On Thursday night, in a video to his followers, Senator Bernie Sanders said he hoped that history will mark this year for the country.
“I hope that future historians will say that the movement that reversed our progress to the oligarchy and initiated the creation of a government that represents all and not just a few, began with the political revolution of 2016,” he said.
Sanders asked his followers to continue the “political revolution” by presenting their own candidates for public office at all levels, and said he was seeking not only to “transform the Democratic Party but the country.”
The big question is: will he succeed?
There is no crystal ball that’ll blurt out the outcome, but his video was watched live by over 200,000 people, an impressive figure for any political event and the vast majority of his followers are still convinced that the way forward is following the road paved by the 74-year-old Vermont senator.
And according to his campaign, the day after the announcement, some 6,700 people attended the BernieSanders.com/win website that Sanders invited them to visit during it, to learn more about the possibilities of pursuing a political candidacy at various levels of government.
Sanders himself reacted on Friday indicating that such a response is “extraordinary.”
Whether this evolves into real applications depends, in part, in further support in a movement that is largely outside the Democratic Party, or the expansion of the very own.
For over a year, Sanders held an unlikely presidential campaign from the American Left that many believed dead, but mobilized millions of young working people who have served as volunteers, have donated from out of their pocket and continue hopefully waiting for a change.
But now Sanders has told them that the only possible change will take place if they take the initiative, and integrate themselves into the political system to “transform” it.
Although it is still early to know the long-term effect of Sanders’s candidacy and the movement he generated, some people see it as the continuation of “Occupy Wall Street”, a series of protests that began in September 2011 and focused the country’s attention on economic and social disparity, creating the phrase “the 1%” to denote the elite class that Sanders has used a lot.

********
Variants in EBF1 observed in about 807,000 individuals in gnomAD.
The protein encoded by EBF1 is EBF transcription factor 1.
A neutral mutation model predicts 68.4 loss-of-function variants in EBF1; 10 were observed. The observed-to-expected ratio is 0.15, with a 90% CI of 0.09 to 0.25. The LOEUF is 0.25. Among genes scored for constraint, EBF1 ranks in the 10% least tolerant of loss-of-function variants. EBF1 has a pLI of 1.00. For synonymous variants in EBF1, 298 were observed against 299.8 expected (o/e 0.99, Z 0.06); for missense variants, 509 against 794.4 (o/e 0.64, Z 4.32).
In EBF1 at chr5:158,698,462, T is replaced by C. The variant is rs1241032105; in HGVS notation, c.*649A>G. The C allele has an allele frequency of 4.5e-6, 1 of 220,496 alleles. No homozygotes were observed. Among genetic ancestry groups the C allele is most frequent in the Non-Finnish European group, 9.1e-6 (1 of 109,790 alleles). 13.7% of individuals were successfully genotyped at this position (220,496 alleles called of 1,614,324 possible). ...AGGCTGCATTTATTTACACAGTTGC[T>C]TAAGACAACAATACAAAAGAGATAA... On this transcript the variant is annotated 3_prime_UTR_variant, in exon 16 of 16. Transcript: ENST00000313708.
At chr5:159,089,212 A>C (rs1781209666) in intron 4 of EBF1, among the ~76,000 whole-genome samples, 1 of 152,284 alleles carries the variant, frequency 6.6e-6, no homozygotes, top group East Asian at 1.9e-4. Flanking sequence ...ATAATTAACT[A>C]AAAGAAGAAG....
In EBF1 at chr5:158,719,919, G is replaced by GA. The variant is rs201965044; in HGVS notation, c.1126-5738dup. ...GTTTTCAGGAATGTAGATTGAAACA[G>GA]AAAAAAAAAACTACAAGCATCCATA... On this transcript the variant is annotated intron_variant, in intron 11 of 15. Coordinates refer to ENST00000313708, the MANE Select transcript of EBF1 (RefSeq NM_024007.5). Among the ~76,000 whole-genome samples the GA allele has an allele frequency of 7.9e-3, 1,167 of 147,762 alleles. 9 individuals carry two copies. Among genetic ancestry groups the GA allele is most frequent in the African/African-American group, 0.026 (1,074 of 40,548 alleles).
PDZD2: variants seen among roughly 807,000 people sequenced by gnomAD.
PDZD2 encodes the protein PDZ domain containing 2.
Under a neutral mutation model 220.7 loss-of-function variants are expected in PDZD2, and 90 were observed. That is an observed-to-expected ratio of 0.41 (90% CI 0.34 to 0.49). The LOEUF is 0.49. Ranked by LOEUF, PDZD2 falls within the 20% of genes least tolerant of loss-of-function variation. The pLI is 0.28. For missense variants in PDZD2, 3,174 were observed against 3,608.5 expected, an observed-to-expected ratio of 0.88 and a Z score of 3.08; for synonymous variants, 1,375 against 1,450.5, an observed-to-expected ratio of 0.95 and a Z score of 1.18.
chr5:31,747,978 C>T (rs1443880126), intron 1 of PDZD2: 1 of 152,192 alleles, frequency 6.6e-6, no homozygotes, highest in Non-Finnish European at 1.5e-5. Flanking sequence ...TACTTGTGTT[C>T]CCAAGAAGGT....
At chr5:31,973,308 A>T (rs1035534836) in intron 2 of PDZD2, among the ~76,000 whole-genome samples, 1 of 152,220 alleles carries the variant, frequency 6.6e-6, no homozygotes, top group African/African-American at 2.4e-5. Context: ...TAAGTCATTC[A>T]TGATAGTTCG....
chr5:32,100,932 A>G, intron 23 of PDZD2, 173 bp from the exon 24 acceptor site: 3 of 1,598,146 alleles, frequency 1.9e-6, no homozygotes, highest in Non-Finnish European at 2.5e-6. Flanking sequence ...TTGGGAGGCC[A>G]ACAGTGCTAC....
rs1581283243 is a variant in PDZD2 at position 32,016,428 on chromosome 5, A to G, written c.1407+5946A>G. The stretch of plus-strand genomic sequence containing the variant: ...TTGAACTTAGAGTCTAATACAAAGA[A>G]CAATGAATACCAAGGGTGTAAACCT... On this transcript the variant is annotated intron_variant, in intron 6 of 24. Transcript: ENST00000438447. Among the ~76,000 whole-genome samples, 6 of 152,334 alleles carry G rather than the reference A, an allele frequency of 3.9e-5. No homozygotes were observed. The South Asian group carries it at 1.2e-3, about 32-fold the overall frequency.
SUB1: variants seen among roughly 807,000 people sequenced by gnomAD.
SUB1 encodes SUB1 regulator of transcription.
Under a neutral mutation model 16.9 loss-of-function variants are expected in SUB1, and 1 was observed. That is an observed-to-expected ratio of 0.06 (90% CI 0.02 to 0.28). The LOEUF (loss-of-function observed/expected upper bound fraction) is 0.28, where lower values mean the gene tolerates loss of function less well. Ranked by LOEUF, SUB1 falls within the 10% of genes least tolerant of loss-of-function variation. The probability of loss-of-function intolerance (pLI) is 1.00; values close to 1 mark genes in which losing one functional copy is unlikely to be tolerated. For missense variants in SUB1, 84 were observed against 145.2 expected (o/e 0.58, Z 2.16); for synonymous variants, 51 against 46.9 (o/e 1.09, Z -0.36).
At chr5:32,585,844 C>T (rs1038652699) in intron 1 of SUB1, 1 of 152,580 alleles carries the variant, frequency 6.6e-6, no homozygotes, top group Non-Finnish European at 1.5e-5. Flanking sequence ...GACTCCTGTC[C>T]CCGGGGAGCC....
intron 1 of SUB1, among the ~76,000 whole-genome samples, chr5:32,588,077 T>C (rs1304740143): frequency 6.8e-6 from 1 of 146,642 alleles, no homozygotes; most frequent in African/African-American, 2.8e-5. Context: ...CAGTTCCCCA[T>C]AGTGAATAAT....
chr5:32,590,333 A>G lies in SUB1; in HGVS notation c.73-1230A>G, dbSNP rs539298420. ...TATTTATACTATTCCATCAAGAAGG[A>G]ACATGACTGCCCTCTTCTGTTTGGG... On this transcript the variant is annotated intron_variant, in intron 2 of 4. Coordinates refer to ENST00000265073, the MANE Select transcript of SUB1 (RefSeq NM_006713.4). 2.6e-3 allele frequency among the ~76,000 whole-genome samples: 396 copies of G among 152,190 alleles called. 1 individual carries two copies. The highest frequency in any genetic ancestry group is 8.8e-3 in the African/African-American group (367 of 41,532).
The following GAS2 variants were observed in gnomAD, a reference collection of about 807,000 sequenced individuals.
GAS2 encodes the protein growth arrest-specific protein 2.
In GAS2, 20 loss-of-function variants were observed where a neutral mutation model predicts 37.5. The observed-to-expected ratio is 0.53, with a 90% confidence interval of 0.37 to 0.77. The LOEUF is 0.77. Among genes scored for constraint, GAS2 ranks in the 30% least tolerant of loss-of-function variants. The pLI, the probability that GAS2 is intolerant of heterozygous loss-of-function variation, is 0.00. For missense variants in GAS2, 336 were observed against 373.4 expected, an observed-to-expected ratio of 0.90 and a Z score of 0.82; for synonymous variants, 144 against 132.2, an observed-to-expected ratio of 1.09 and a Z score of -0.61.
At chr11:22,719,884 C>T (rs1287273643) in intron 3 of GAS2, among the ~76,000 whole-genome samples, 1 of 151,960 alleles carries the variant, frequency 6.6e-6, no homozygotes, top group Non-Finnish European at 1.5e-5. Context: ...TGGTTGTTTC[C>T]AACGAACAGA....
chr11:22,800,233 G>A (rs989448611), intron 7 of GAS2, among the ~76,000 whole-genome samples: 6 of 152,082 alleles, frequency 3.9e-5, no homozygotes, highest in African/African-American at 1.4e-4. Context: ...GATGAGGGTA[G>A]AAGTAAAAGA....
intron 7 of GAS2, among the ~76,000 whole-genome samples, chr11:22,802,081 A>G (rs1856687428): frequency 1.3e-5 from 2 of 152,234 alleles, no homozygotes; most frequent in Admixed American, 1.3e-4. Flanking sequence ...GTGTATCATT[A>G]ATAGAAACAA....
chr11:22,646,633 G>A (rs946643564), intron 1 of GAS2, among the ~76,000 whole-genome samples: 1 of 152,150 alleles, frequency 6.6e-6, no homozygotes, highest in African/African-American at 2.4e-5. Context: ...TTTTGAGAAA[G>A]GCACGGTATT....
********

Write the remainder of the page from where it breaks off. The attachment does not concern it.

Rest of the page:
“Sanders’s candidacy is a movement that continued the conversation, initiated by Occupy Wall Street, on economic and political inequality in this country,” said Thomas De Luca, a political scientist at Fordham University.
“Sanders managed to raise further discussion of these issues, and had a significant impact on the younger generation,” said De Luca. “The timing is important because no one else dared to do challenge Hillary Clinton as he did, and it has had its effect.”
Although Sanders has said that one of his objectives is to include many of his ideas on the platform of the Democratic Party, some doubt that it can have a long term effect. After the convention, almost nobody pays any attention to the platform, they say.
“It is true that the platform does not require anything, nor does it have legal force,” said De Luca. “But that does not mean that Hillary Clinton, as a candidate and then, if elected, is not under pressure, especially if Sanders’ followers advance in public office, or at least, stick to the political discussion.”
However, public officials who previously supported Sanders, as Congressman Raul Grijalva Arizona, one of the few high-profile Latinos who were next to the senator, already announced official support for Hillary Clinton’s virtually nominated candidacy.
Sanders himself, during his speech on Thursday, said that his candidacy’s achievements were already evident. For example, how he was able to finance his campaign against the “corrupt system of financing that exists in the nation.”
For De Luca, however, he proved more. There is a new generation in America that wants to implement progressive ideas and is not afraid of the “socialist” label.
“Decades ago, many decades, no candidate or figure called socialist got far,” De Luca said. “While I believe that he is rather a “New Deal” Democrat, it is clear that there is a new American who’s ideas are different and wants to see a more just society.”